In thesis
1. Statistical methods for register based studies with applications to stroke
Open this publication in new window or tab >>Statistical methods for register based studies with applications to stroke
2016 (English)Doctoral thesis, comprehensive summary (Other academic)
Alternative title[sv]
Statistiska metoder för registerbaserade studier med tillämpningar på stroke
Abstract [en]

This thesis adds to the area of register based research, with a particular focus on health care quality and (in)equality. Contributions are made to the areas of hospital performance benchmarking, mediation analysis, and regression when the outcome variable is limited, with applications related to Riksstroke (the Swedish stroke register).

An important part of quality assurance is to identify, follow up, and understand the mechanisms of inequalities in outcome and/or care between different population groups. The first paper of the thesis uses Riksstroke data to investigate socioeconomic differences in survival during different time periods after stroke. The second paper focuses on differences in performance between hospitals, illustrating the diagnostic properties of a method for benchmarking hospital performance and highlighting the importance of balancing clinical relevance and the statistical evidence level used.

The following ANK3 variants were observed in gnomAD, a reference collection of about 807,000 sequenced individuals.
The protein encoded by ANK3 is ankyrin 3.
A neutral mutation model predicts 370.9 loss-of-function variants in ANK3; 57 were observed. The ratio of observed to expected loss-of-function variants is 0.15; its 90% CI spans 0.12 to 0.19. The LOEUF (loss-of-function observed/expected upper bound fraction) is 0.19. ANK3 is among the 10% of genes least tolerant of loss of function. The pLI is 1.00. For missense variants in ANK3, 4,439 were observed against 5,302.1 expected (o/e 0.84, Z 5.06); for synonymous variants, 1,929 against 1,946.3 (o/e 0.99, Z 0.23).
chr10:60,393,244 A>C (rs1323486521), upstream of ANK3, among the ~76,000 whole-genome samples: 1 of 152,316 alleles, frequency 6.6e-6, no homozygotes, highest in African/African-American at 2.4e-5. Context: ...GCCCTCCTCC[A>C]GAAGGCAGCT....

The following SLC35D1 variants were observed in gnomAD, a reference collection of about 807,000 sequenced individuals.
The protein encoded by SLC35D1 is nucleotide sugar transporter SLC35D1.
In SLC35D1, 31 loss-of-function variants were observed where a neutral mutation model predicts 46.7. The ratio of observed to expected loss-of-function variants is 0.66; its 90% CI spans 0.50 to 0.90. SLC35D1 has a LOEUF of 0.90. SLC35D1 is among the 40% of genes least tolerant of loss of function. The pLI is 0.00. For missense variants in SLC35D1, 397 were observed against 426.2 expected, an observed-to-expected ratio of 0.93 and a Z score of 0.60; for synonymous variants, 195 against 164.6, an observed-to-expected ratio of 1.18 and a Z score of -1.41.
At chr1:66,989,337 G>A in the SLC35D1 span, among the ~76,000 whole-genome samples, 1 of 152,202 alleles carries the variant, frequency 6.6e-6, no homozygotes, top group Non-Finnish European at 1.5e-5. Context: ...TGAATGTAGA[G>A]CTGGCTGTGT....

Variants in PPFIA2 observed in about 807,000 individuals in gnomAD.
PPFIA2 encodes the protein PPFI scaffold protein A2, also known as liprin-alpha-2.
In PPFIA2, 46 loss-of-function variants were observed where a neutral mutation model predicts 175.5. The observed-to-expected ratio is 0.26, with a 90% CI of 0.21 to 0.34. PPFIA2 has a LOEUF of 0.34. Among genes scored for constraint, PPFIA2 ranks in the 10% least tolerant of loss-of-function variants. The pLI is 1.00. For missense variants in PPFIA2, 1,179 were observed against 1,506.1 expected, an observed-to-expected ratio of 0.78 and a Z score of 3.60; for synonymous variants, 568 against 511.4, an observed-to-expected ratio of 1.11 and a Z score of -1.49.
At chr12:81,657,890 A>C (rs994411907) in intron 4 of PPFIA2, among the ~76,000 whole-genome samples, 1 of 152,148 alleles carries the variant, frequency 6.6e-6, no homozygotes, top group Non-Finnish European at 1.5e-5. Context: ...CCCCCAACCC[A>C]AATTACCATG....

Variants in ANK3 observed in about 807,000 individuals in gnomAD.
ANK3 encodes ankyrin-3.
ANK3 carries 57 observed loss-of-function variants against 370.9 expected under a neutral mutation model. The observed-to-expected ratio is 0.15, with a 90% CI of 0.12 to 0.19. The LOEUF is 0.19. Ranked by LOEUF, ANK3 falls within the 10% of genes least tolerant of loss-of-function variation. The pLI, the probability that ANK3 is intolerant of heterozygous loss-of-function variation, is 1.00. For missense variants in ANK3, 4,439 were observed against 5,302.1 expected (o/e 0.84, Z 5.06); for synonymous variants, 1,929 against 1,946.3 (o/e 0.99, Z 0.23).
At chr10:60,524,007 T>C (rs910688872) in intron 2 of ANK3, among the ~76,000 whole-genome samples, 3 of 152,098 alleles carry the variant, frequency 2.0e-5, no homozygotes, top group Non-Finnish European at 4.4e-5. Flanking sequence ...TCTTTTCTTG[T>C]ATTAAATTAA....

Understanding the mechanisms behind observed differences is a complicated but important issue. In mediation analysis the goal is to investigate the causal mechanisms behind an effect by decomposing it into direct and indirect components. Estimation of direct and indirect effects relies on untestable assumptions and a mediation analysis should be accompanied by an analysis of how sensitive the results are to violations of these assumptions. The third paper proposes a sensitivity analysis method for mediation analysis based on binary probit regression. This is then applied to a mediation study based on Riksstroke data.

Data registration is not always complete and sometimes data on a variable are unavailable above or below some value. This is referred to as censoring or truncation, depending on the extent to which data are missing. The final two papers of the thesis are concerned with the estimation of linear regression models for limited outcome variables. The fourth paper presents a software implementation of three semi-parametric estimators of truncated linear regression models. The fifth paper extends the sensitivity analysis method proposed in the third paper to continuous outcomes and mediators, and situations where the outcome is truncated or censored.

Place, publisher, year, edition, pages
Umeå: Umeå universitet, 2016. 30 p.
Statistical studies, ISSN 1100-8989 ; 49
Registers, quality of care, socioeconomic status, hospital performance, stroke, mediation, sensitivity analysis, truncation, censoring
National Category
Probability Theory and Statistics
Research subject
urn:nbn:se:umu:diva-125953 (URN)978-91-7601-553-7 (ISBN)
Public defence
2016-10-21, Hörsal E, Humanisthuset, Umeå, 09:30 (English)
Available from: 2016-09-30 Created: 2016-09-23 Last updated: 2016-09-29Bibliographically approved